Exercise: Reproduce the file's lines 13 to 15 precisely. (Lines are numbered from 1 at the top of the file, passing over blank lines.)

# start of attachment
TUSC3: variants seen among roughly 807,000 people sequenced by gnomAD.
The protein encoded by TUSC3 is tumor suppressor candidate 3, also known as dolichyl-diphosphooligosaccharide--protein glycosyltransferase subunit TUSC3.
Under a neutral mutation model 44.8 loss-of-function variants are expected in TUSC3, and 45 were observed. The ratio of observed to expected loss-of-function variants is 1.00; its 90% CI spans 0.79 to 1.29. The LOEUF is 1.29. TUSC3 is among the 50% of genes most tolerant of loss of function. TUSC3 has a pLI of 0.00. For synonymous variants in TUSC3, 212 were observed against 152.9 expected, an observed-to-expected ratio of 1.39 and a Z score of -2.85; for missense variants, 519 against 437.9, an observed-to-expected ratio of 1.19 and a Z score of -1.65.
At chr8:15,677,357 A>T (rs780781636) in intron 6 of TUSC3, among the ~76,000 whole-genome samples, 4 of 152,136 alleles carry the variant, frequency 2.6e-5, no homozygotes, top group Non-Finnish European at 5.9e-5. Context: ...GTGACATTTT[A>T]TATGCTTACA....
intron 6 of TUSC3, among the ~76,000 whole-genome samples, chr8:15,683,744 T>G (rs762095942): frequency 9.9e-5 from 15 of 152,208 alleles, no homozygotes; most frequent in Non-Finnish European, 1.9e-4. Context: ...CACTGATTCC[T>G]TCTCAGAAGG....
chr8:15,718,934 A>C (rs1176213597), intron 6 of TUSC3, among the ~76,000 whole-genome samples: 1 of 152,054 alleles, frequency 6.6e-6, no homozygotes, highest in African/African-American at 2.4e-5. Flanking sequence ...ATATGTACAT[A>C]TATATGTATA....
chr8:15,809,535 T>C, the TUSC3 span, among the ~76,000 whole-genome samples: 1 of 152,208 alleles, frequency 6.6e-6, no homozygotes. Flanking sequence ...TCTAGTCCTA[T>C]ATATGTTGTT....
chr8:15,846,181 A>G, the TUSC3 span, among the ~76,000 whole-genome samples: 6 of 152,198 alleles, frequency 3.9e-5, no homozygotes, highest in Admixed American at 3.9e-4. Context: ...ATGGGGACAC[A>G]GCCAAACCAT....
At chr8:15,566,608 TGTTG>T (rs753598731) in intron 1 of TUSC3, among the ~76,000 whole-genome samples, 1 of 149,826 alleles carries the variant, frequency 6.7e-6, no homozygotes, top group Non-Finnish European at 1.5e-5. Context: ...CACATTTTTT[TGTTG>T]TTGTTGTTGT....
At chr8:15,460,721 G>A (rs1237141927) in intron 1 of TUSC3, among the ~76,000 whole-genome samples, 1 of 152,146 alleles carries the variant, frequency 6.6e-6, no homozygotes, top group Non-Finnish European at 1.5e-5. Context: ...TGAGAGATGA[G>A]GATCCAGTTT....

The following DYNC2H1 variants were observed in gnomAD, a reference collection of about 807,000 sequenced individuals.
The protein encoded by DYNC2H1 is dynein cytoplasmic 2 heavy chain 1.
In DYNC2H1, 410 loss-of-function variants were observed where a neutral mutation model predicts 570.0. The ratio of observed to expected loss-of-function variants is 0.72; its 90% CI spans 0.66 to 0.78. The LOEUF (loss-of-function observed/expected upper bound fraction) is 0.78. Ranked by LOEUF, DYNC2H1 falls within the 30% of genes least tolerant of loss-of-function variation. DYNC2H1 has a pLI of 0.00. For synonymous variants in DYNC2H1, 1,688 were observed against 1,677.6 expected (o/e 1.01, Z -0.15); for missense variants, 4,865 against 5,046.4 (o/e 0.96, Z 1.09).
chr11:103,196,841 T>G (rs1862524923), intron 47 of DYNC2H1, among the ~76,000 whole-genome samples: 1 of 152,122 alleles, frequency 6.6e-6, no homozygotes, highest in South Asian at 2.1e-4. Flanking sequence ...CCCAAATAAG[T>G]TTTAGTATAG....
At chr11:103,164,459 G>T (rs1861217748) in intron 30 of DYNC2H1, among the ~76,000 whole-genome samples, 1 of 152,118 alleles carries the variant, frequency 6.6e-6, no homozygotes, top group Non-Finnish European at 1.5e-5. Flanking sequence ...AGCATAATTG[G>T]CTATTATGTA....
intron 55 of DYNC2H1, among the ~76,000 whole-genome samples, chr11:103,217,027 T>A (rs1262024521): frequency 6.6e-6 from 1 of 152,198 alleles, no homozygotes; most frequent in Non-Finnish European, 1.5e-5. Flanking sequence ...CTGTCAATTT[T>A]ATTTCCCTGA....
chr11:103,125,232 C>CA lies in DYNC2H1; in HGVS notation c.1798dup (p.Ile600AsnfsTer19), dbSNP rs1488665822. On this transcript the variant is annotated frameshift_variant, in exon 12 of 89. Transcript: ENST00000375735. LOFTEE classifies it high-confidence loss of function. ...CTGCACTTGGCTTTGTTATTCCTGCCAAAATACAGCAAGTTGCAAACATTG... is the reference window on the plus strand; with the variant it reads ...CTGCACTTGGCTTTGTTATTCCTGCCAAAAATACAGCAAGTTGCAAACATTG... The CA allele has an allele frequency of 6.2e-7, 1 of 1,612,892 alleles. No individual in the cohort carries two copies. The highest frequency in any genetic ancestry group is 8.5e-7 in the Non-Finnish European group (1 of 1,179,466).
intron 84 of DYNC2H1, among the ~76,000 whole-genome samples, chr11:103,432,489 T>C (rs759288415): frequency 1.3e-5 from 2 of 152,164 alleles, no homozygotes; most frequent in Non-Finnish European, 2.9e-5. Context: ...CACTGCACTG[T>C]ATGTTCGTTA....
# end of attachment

In DYNC2H1, 410 loss-of-function variants were observed where a neutral mutation model predicts 570.0. The ratio of observed to expected loss-of-function variants is 0.72; its 90% CI spans 0.66 to 0.78. The LOEUF (loss-of-function observed/expected upper bound fraction) is 0.78. Ranked by LOEUF, DYNC2H1 falls within the 30% of genes least tolerant of loss-of-function variation. DYNC2H1 has a pLI of 0.00. For synonymous variants in DYNC2H1, 1,688 were observed against 1,677.6 expected (o/e 1.01, Z -0.15); for missense variants, 4,865 against 5,046.4 (o/e 0.96, Z 1.09).
chr11:103,196,841 T>G (rs1862524923), intron 47 of DYNC2H1, among the ~76,000 whole-genome samples: 1 of 152,122 alleles, frequency 6.6e-6, no homozygotes, highest in South Asian at 2.1e-4. Flanking sequence ...CCCAAATAAG[T>G]TTTAGTATAG....
At chr11:103,164,459 G>T (rs1861217748) in intron 30 of DYNC2H1, among the ~76,000 whole-genome samples, 1 of 152,118 alleles carries the variant, frequency 6.6e-6, no homozygotes, top group Non-Finnish European at 1.5e-5. Flanking sequence ...AGCATAATTG[G>T]CTATTATGTA....